Rabat Travel Guide
Mohammed V Avenue, Rabat © Nawalbennani
Rabat, Morocco's capital, is a modern city with wide boulevards, gardens, and white buildings, and is for the most part a far cry from the hectic warrens of the other imperial cities like Marrakech and Fez. It is, however, no less steeped in history, with its origins dating back to the 7th century. The King of Morocco lives here in his palace amid trees and flowers. Being an administrative capital the city is somewhat conservative and serious, but there is some local colour to be found in the old part of the city, the Medina, and the Kasbah, where there is a more relaxed atmosphere and many of the tourist attractions can be found. Recreational opportunities abound too, with a world-renowned golf course (the Dar Es Salaam Course), a few lovely beaches at hand, and some historic ancient ruins nearby. Rabat sits on the Atlantic coastal plain at the mouth of the river Bou Regreg, opposite its twin city of Sale.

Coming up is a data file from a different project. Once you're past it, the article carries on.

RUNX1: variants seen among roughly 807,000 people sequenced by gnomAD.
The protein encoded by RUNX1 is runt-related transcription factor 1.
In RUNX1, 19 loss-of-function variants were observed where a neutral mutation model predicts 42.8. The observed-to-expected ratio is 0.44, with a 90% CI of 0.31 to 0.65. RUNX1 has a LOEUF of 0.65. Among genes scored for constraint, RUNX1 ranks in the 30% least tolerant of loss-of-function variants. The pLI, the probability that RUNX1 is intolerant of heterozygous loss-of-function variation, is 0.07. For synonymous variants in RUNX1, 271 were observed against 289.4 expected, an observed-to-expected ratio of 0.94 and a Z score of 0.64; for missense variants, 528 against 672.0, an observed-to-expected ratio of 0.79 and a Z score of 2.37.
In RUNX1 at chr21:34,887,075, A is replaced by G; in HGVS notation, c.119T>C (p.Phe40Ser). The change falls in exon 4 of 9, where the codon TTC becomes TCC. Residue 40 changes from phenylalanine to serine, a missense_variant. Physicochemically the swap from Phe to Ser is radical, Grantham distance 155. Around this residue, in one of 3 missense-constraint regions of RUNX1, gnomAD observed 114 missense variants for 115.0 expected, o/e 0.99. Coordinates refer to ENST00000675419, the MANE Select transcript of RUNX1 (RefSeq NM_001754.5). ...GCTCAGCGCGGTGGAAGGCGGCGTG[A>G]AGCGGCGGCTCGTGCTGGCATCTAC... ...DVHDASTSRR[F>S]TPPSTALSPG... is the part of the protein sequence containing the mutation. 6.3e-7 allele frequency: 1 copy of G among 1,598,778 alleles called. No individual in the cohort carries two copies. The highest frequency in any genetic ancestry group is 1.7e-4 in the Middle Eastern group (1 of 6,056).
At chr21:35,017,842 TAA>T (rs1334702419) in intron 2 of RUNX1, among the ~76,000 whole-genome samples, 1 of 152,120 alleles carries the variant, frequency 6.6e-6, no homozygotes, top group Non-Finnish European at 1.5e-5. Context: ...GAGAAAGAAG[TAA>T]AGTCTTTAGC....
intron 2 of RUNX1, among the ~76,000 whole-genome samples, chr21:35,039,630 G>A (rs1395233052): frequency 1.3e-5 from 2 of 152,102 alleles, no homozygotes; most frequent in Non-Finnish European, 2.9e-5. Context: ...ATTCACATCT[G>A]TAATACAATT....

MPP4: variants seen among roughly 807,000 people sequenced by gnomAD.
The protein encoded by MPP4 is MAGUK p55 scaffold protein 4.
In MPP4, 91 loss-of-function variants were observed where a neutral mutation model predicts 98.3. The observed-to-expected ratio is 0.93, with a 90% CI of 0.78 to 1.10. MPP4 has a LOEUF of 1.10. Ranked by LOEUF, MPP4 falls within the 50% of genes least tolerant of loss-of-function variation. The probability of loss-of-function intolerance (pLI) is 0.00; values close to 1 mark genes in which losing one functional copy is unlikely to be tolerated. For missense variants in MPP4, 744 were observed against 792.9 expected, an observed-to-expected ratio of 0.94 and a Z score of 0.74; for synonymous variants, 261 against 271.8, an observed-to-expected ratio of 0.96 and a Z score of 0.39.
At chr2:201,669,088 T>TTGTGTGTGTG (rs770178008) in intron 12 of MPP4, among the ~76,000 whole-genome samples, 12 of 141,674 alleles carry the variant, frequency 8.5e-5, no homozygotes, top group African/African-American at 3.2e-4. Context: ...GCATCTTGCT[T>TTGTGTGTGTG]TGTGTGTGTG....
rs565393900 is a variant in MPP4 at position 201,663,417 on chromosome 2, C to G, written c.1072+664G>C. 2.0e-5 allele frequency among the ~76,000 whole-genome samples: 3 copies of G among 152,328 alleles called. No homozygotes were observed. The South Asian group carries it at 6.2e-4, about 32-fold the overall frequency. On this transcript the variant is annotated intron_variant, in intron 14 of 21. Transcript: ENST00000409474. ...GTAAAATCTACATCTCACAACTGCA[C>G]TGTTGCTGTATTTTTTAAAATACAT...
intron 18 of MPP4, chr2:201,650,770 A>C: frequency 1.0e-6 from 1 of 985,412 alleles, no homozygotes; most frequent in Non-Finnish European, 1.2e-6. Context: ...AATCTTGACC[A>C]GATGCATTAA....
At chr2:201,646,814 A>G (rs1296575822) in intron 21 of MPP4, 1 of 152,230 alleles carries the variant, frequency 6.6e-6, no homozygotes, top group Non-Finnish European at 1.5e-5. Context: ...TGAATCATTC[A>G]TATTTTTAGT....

As Rabat is the capital of Morocco it tends to be the centre of any public dissatisfaction and visitors are advised to avoid any political gatherings or street protests while in the city; however, in recent years anti-government rallies in Rabat have tended to be peaceful and the city is currently considered safe for tourists.
Rabat has a mild and temperate climate, its weather ranging from cool in winter (December to February) to warm in summer (June to August). The average high in summer is 82°F (28°C) and winter temperatures drop to an average low of 46°F (8°C). The highest rainfall generally falls in November and December, with July and August being the driest months. The best time to visit Rabat is between April and November.
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